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It is looking like that after mild cases of Covid 19 there is a proportion of people who will take longer to fully recover and return to their pre- illness status/baseline.

With more research being done there is increasing recognition of  covid complications such as post acute illness, cardio-pulmonary disease and a sequelae of psychological effects. 

Current understanding of recovery from Covid 19 is limited and more research and study is needed but there seems to be some key areas of concern:

1/. Potential increased risk of cardiovascular issues, including myocarditis. Exercising in the presence of myocarditis is linked to increased mortality. The incidence of myocarditis in Mild covid is unknown and most research has focused around more severe cases requiring hospitalisation in the UK.

2/. Potential increased incidence of clotting issues, with little data from mild cases, but again more indicative data from cohorts of severe cases.  previous SARS-COV epidemics.

3/. Residual Psychological effects such as increased anxiety………………………

With a lack of robust studies around mild COV-19 and persistent symptoms it is difficult to accurately understand ongoing issues, but data from previous SARS-COV epidemics  would suggest a persistent impairment in pulmonary(lung) function and exercise capacity.

These potential risks, without full evidence from robust studies have lead to health professionals cautiously guiding people back to exercise.

N.B. Risks are low and a balance is needed between creating a barrier to returning to exercise, versus potential risk in a probable small minority.

Also note, that ongoing symptoms maybe indicative  of post-acute Cov-19 or Long covid and if you are continuing to complain of these you should undergo further medical assessment. These include abnormal shortness of breath, chest pain, excessive lethargy or return of other symptoms. Mood should also be monitored and medical help sought if there is concern.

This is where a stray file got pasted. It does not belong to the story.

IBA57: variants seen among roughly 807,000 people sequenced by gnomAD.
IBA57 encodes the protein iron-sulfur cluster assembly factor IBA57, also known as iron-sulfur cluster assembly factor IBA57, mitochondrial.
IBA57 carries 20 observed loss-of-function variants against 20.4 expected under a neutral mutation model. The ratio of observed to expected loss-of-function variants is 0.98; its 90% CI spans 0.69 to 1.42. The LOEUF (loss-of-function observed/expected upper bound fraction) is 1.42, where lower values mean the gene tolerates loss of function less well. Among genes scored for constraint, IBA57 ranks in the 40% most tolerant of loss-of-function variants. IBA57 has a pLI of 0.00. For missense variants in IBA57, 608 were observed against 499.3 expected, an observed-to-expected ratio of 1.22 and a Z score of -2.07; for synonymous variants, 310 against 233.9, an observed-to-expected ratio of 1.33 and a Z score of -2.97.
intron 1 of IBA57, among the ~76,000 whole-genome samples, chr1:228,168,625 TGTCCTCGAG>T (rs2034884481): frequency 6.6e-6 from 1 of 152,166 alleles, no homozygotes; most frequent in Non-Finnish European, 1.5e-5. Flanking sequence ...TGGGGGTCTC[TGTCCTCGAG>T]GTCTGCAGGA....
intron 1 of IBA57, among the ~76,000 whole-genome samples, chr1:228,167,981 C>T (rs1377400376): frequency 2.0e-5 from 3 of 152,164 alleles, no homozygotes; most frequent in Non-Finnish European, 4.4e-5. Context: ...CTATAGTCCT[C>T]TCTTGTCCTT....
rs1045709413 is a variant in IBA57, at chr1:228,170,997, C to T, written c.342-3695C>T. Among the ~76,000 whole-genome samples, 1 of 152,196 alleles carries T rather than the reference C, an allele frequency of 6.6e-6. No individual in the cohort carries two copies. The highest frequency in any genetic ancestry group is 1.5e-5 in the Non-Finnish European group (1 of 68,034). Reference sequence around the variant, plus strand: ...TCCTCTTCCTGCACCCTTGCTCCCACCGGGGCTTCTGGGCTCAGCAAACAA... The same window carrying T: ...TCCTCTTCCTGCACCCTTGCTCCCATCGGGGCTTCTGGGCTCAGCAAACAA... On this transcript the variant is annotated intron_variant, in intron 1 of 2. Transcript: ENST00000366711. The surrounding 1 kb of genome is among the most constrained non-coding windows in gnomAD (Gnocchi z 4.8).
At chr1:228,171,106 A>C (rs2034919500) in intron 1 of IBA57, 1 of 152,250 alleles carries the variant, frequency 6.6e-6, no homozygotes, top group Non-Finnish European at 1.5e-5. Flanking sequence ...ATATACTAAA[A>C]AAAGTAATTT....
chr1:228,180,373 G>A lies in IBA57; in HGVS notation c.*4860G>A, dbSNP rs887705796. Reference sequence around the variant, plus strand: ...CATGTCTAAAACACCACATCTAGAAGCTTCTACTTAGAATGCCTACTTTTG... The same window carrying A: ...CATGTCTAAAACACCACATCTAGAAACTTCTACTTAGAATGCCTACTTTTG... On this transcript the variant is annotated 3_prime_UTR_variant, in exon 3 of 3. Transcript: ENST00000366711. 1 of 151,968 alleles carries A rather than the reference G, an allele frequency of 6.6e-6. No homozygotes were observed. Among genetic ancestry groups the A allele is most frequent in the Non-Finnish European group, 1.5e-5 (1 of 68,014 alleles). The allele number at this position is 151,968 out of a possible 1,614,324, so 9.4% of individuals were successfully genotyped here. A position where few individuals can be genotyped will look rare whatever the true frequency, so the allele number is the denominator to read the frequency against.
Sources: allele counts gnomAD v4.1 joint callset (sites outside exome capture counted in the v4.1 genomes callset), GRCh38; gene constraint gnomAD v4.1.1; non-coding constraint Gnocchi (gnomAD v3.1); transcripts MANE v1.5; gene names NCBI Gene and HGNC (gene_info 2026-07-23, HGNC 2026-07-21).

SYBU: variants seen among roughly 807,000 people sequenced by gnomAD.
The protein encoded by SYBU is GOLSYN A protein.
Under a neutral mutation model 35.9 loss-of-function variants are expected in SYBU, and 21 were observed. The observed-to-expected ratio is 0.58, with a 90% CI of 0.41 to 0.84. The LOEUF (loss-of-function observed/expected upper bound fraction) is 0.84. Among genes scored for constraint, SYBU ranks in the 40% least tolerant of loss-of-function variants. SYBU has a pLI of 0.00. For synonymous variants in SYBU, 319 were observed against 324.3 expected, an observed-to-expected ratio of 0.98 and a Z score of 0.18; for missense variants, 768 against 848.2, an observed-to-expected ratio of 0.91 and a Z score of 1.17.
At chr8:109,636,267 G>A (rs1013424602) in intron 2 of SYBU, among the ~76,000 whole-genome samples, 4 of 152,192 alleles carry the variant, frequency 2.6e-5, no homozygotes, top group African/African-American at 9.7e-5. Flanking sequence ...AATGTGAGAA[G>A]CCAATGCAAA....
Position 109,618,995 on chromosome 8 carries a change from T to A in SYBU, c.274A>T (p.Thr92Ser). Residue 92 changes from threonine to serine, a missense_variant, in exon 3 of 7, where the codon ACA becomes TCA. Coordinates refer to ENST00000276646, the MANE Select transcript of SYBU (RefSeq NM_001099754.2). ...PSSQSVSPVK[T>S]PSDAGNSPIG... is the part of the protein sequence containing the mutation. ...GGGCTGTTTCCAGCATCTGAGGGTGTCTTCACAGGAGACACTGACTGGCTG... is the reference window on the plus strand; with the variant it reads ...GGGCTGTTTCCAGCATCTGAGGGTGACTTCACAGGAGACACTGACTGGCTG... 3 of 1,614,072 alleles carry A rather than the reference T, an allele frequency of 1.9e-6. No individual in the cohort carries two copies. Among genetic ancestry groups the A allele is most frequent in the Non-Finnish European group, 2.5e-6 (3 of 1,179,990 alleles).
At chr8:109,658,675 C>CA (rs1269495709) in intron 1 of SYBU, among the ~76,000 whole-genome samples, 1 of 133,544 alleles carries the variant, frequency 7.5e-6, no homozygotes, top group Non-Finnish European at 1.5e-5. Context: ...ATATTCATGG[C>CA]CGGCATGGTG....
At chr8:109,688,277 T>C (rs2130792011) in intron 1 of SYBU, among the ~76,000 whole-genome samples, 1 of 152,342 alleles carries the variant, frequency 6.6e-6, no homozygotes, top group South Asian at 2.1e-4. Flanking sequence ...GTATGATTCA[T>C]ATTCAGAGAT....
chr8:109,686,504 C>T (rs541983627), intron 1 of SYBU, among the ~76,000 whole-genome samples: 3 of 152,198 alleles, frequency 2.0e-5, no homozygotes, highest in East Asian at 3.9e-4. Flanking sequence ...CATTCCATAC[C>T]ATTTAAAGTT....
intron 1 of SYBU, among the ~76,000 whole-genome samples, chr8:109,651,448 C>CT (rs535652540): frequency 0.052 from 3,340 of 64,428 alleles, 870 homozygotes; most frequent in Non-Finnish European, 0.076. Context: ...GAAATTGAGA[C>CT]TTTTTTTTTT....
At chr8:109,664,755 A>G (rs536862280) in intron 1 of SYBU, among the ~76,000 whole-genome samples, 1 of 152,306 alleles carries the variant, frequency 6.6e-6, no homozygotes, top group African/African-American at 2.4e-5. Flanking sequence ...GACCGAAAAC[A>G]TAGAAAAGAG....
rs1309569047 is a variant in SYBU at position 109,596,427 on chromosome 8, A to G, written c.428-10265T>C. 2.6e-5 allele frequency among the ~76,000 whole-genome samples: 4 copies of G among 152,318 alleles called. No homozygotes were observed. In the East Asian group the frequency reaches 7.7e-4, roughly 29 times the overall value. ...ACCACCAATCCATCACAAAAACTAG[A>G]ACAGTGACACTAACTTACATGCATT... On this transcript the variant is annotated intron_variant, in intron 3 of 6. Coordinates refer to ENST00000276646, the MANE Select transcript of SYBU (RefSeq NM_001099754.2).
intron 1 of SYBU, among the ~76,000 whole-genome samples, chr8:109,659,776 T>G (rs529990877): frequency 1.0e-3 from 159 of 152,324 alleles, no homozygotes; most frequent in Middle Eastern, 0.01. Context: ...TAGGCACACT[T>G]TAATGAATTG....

A baseline for returning to exercises could be:

  • when you can participate in all the usual activities of daily living and walk 500m easily.
  • You have been symptom free for 7 days
  • And It is 10 days since symptom onset

A perceived level of exertion rating scale (RPE) is a great practical tool, to monitor a return to sport or exercise, especially in the absence of Heart Rate monitoring.

A scale of 0 to 10 can be used where 0/10 is doing no activity and 10/10 is as hard as you can imagine. Eg. moderate exercise, should still allow  for conversation and would be rated at 4-5/10.

Any return to exercise should be graded over an extended period of time of approximately 30-35 days.

If you are aware of your usual average resting heart rate, this can give a gauge on whether you are recovering well from illness and exercise, as well. If you notice this is generally higher it may be an indication you need more time to recover. You can use your smart watch for this.

Whilst this may seem conservative it is aimed at minimising risk.

Stop exercising immediately and seek medical help if you experience heart palpitations, chest pain, unexpected breathlessness or signs of blood clots.

Beth Antonio - Physiotherapist/Pilates Instructor

Sarah Clay

Senior Physiotherapist
Pilates Physiotherapist

Sarah is an experienced Physiotherapist with over 30 years industry musculoskeletal experience. She passionate about facilitating change in peoples lives holistically, especially those with chronic or complex pain. She has a special interest in Cognitive Functional Techniques and is currently undergoing further, extensive training in this area, centred around low back pain.

Her holistic approach has involved extra training in Nutrition as well as breathing disorders and techniques.

Sarah has worked with many sporting teams, including an AFL club, Rugby League and Rugby Union. She has been heavily involved in netball in the past as well as years of road cycling. Hiking, walking her Staffordshire Bull Terrier, gardening on their hills property and family adventures are her other passions.

Therapy Interests

      • Musculoskeletal Injury Rehabilitation
      • Chronic Pain
      • ​Facilitating health change for the everyday person